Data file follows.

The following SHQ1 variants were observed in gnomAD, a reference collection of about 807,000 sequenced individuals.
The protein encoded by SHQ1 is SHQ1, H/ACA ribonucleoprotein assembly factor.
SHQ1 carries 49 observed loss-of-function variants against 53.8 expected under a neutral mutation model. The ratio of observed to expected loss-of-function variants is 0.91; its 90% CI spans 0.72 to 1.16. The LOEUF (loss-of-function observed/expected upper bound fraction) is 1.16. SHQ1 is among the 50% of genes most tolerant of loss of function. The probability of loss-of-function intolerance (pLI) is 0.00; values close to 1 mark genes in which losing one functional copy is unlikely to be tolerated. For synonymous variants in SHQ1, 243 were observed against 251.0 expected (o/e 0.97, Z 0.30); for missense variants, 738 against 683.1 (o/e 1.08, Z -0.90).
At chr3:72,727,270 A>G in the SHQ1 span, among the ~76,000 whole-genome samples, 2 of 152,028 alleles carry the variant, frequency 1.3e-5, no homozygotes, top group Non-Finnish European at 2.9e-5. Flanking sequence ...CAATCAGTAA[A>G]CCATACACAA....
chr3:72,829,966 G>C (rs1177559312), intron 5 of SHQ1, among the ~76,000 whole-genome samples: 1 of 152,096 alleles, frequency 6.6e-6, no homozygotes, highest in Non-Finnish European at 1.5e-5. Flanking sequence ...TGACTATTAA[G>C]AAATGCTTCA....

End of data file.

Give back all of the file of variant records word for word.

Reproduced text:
The following SHQ1 variants were observed in gnomAD, a reference collection of about 807,000 sequenced individuals.
The protein encoded by SHQ1 is SHQ1, H/ACA ribonucleoprotein assembly factor.
SHQ1 carries 49 observed loss-of-function variants against 53.8 expected under a neutral mutation model. The ratio of observed to expected loss-of-function variants is 0.91; its 90% CI spans 0.72 to 1.16. The LOEUF (loss-of-function observed/expected upper bound fraction) is 1.16. SHQ1 is among the 50% of genes most tolerant of loss of function. The probability of loss-of-function intolerance (pLI) is 0.00; values close to 1 mark genes in which losing one functional copy is unlikely to be tolerated. For synonymous variants in SHQ1, 243 were observed against 251.0 expected (o/e 0.97, Z 0.30); for missense variants, 738 against 683.1 (o/e 1.08, Z -0.90).
At chr3:72,727,270 A>G in the SHQ1 span, among the ~76,000 whole-genome samples, 2 of 152,028 alleles carry the variant, frequency 1.3e-5, no homozygotes, top group Non-Finnish European at 2.9e-5. Flanking sequence ...CAATCAGTAA[A>G]CCATACACAA....
chr3:72,829,966 G>C (rs1177559312), intron 5 of SHQ1, among the ~76,000 whole-genome samples: 1 of 152,096 alleles, frequency 6.6e-6, no homozygotes, highest in Non-Finnish European at 1.5e-5. Flanking sequence ...TGACTATTAA[G>C]AAATGCTTCA....